In 1970, the Red Sox regularly closed off a section in the center-field bleachers to help hitters see the ball as the pitcher released it. The section took on the nickname, "Conig's Corner," after Tony Conigliaro, who was hit by a pitch in the eye in 1967. The club also enclosed Fenway Park's center field flag pole, which had been in play on the warning track since 1934. The Red Sox had a new manager in Eddie Kasko but the same third place result in 1970 and in July, a group of Jehovah's Witnesses flocked to the park.
Record: 87-75, 3rd in American League East
Manager: Edward M. Kasko
Under new manager Eddie Kasko, the 1970 Red Sox finished 87-75. Though they placed third in the league standings, they ranked first in attendance, at 1,595,278.
Carl Yastrzemski led the league in both on-base percentage and slugging, and matched the 40 home runs he'd hit in 1969. His May 16 home run was one of the longest ever hit at Fenway Park. The ball traveled all the way out of the park to straightaway center, passing to the right of the flagpole, which had been enclosed and taken out of play before the season.
Tony Conigliaro led the team with 116 RBIs and combined with his brother Billy to hit 54 home runs, which still stands as a single-season record for two relatives playing for the same team. Seven Boston players hit at least 16 homers, and the Red Sox hit a then-club record 203 home runs.
The pitching staff was led by Ray Culp (17-14), Gary Peters (16-11) and Sonny Siebert (15-8). The trio accounted for 48 of the team's 87 victories. Yastrzemski almost won another batting title but lost out by fractions of a point after playing through a twisted ankle.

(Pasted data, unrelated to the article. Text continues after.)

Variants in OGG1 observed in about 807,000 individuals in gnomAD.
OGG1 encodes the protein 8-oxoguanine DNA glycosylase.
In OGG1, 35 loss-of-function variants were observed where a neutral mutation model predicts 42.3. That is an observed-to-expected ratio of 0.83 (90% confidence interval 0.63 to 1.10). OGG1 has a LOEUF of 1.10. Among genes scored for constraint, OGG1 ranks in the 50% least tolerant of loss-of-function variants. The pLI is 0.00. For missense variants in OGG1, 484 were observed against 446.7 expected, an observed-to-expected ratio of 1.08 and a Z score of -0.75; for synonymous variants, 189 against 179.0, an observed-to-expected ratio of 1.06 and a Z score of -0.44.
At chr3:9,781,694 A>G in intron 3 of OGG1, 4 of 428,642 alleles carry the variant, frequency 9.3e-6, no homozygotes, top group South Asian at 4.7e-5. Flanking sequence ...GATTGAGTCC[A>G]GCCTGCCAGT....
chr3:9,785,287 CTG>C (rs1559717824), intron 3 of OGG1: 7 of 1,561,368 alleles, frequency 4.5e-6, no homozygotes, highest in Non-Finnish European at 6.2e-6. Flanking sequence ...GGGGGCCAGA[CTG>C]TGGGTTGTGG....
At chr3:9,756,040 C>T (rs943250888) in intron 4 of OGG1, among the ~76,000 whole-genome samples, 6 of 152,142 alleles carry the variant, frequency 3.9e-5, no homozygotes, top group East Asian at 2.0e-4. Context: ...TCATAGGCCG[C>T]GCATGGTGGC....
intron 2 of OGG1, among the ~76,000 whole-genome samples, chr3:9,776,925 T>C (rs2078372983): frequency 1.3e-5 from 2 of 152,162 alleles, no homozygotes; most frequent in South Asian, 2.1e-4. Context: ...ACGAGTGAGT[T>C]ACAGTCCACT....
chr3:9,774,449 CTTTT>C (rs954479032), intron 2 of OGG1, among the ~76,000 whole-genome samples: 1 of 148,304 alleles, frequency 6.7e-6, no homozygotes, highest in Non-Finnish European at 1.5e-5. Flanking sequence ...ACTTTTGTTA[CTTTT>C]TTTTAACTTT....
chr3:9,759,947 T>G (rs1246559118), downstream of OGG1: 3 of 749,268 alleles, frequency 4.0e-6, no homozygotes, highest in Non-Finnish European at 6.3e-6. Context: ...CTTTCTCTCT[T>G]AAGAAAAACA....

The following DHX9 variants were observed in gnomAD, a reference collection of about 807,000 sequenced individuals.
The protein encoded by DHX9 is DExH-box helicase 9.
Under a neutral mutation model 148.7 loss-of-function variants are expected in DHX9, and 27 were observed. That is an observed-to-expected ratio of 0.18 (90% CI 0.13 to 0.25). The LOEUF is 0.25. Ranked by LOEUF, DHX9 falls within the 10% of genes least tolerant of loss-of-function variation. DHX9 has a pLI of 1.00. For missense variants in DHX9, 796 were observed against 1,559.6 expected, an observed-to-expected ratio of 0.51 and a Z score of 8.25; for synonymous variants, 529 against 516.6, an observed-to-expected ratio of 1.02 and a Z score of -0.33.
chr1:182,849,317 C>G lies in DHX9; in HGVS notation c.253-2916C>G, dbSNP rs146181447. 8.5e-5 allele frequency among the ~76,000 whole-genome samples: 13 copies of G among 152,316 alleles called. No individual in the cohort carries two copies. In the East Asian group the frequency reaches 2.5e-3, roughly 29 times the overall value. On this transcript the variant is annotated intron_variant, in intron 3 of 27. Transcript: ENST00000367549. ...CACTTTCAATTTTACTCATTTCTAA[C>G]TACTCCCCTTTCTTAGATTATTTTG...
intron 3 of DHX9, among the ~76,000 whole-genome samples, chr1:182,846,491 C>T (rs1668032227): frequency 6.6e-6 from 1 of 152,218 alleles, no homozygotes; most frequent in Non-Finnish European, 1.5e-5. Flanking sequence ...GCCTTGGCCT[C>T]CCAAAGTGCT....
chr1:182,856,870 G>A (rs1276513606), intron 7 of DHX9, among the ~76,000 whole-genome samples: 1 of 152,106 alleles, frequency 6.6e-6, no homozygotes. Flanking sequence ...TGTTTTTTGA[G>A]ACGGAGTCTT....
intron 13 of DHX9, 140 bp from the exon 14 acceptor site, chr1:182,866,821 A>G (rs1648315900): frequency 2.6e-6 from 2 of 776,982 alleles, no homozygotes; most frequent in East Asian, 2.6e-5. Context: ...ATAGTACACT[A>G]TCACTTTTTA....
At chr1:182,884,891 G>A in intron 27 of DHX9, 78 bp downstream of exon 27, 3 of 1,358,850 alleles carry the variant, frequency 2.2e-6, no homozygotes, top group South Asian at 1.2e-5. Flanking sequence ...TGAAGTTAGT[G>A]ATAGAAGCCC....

In 1970, the Red Sox regularly closed off a triangular section in the center-field bleachers (the area the batter sees directly behind the pitcher's release point). This area came to be known as "Conig's Corner," since it gave Tony Conigliaro a better background for hitting and perhaps protected him against another beaning. However, after the season, GM Dick O'Connell announced that he had traded Conigliaro to California for Doug Griffin.
For almost 60 years, Fenway Park's flagpole in center field was a quirky part of the field of play. However, in 1970, the flag pole was enclosed when an extension, which is used as a location for television cameras today, was built on the left side of the bleachers.
The Sunday Advertisers defeated the Record Americans for the third straight year in 1970.
|1970 Non-Red Sox Baseball At Fenway Park|
|August 3||William Randolph Hearst Sandlot Tournament: Sunday Advertisers 7, Record Americans 2|
A decade after their last venture to Fenway Park, the Jehovah's Witnesses returned for another four-day event at the ballpark in 1970. They called the gathering the "Men of Good Will Assembly" and drew 20,000 participants.
|1970 Non-Baseball Events At Fenway Park|
|January 20||Junior Goodwill Dinner*|
|July 9-12||Jehovah's Witnesses Gathering|
*For several years, Fenway Park hosted a Junior Goodwill Dinner that brought hundreds of local high school students to the ballpark. The tradition was started by Red Sox legend Joe Cronin and the event typically took place in late January.